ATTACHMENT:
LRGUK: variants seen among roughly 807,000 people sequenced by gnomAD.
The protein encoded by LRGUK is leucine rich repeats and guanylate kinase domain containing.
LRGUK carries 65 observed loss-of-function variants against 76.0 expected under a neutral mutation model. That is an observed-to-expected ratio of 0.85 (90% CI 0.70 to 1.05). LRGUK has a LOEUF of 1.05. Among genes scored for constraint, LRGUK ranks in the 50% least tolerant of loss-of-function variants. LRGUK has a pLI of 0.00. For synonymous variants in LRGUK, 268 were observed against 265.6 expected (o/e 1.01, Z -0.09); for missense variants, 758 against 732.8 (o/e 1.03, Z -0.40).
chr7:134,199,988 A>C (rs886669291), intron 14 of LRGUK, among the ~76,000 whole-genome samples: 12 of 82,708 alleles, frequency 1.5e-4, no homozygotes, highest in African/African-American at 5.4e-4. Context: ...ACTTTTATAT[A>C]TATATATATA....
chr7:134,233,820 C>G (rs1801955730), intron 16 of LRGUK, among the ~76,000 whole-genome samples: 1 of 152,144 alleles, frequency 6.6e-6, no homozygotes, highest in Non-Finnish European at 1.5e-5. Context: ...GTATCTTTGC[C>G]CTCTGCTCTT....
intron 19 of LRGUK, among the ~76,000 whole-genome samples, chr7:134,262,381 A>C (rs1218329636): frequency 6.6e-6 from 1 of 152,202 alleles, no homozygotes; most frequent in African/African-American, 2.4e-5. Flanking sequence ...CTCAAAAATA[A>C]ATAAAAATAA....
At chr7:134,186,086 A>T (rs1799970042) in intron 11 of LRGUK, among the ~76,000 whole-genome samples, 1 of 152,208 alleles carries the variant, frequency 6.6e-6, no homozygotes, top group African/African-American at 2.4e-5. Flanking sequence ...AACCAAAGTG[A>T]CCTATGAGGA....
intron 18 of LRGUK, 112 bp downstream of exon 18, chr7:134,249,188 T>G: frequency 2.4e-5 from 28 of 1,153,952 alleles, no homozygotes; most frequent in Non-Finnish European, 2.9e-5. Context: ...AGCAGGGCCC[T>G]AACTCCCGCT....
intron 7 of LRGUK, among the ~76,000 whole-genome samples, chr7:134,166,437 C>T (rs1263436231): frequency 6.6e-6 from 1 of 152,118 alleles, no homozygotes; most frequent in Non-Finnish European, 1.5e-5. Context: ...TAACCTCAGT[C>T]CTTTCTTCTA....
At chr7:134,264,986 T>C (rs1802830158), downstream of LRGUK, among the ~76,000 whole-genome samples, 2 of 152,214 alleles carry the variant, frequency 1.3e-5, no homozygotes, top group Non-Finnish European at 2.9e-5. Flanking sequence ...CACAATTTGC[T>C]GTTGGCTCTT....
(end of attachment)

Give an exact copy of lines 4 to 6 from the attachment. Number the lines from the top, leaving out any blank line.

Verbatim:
chr7:134,199,988 A>C (rs886669291), intron 14 of LRGUK, among the ~76,000 whole-genome samples: 12 of 82,708 alleles, frequency 1.5e-4, no homozygotes, highest in African/African-American at 5.4e-4. Context: ...ACTTTTATAT[A>C]TATATATATA....
chr7:134,233,820 C>G (rs1801955730), intron 16 of LRGUK, among the ~76,000 whole-genome samples: 1 of 152,144 alleles, frequency 6.6e-6, no homozygotes, highest in Non-Finnish European at 1.5e-5. Context: ...GTATCTTTGC[C>G]CTCTGCTCTT....
intron 19 of LRGUK, among the ~76,000 whole-genome samples, chr7:134,262,381 A>C (rs1218329636): frequency 6.6e-6 from 1 of 152,202 alleles, no homozygotes; most frequent in African/African-American, 2.4e-5. Flanking sequence ...CTCAAAAATA[A>C]ATAAAAATAA....